- The tool performs a clean install of Windows 10. Thus, all applications installed atop the OS must be reinstalled to be available. A working Internet connection must also be available to grab a Windows image.
- According to MS “The build installed by this tool is not guaranteed to be the latest build available to insiders, and at times may install a Windows 10 build that is older that [sic: than] you had previously.”
- The tool supports only three language versions: English (EN-US), Chinese (ZH-CN), and Japanese (JA-JP).
- MS indicates that “digital licenses, digital content associated with applications, or other digital entitlements for applications” may not survive the fresh start process. This would either make those applications unusable, or the content unavailable. MS recommends that the tool be avoided on PCs where such applications or content are in use.
My hope is that all these dangling issues and gotchas will be fixed by the time the Anniversary Update goes out the door in mid-to-late July, 2016. If so, admins and users can put the Windows 10 Fresh Start Tool to work without fear of license or digital entitlement issues.
There are many benefits to the modern Windows alternative to the Basic Input Output System (aka BIOS) that provides the basic bootstrapping services on PCs needed to boot and launch an operating system. That alternative is called the Unified Extensible Firmware Interface (aka UEFI). UEFI supports important pre-boot security protection, enhanced services and capabilities, and much more (see this Extreme Tech story for a great overview). Alas, there’s an interesting problem that UEFI poses that BIOS does not.Descriptive data about the system/boot (sysboot or SysBoot) drive gets written to non-volatile RAM under UEFI control, and integrity controls require that the value stored match the value discovered when boot-up gets underway. Otherwise, the system won’t boot at all. Thus, performing an SSD sysboot drive swap or upgrade on a modern Windows system also requires replacing the old descriptive NVRAM data with something new. I blogged about this first for Windows 8.1 on 11/8/2013, but these issues also apply to Windows 10.
Handling UEFI Data Rewrite as Part of an SSD SysBoot Drive Swap
As with so many things in life, handling this part of the upgrade or swap maneuver can be done the hard way, or the easy way. The hard way is free , but it requires several steps using the command line involving the partition editing tool diskpart. exe, the boot configuration data editor BCDedit.exe, and an image transfer from the source disk to the target SSD. The easy way costs $20, but turns the entire process over to a tool expressly written to perform those tasks on your behalf. That entails purchase of German disk wizardry company Paragon Software’s Migrate OS to SSD tool, which I have used repeatedly since this issue reared its head for me in 2012 on numerous occasions. First, it enabled me to switch several systems’ system/boot drives from conventional spinning hard disks to SSDs. Second, it enabled me to upgrade existing system/boot SSDs to larger, faster and even different technology drives (SATA to NVMe). Using the tool is as simple as loading it up, launching it, selecting source and target drives, then letting it run to completion. After that, power off to switch out the old system/boot drive for the new one, then reboot the system. Assuming the program reports a successful completion, your PC finds and boots from the new drive each and every time without fail (at least in my personal experience, and in reviews of the product I’ve read online).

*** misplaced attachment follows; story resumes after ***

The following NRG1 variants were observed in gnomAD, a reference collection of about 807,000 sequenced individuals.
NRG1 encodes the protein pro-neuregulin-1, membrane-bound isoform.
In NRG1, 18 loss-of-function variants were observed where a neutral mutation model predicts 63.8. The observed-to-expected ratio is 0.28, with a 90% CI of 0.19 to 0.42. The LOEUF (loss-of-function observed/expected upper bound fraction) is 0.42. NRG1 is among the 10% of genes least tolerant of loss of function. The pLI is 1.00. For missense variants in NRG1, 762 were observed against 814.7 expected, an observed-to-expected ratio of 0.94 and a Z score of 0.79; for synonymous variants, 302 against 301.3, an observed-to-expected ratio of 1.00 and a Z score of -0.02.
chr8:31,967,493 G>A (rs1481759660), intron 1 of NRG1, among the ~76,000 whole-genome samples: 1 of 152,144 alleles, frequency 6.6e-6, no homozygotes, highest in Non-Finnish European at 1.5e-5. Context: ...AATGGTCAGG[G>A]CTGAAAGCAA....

Paragon’s Migrate OS to SSD automatically handles all BCDedit changes needed for a successful SSD SysBoot drive swap.
The amount of time this process saves is on the order of 30-40 minutes per system. Assuming an admin’s time is worth $50 an hour on a fully-burdened overhead basis, this means the program more than pays for itself each time it is purchased and used. In today’s world, guaranteed ROI like this comes along only seldom. Take it from me: it’s well worth the cost.
I just got done watching Satya Nadella of MS and Jeff Weiner of LinkedIn enthuse together on a YouTube video. It introduces the mind-boggling concept of merging those two companies together. As the announcement hits that “MS buys LinkedIn,” Nadella talked about “productivity tools and communications network” linked to a “professional network.” This is intended to enable success in one’s current job, and improve one’s prospects for the next job. Weiner talks about ensuring alignment of “purpose and structure.” He also speaks about “dreaming big” in uniting forces between both organizations. What we’ve got coming up now is “the world’s leading professional cloud and network,” in the words of the LinkedIn Official Blog. Wow … $26Bn … Mind blown!
This still from the YouTube video shows the happy couple.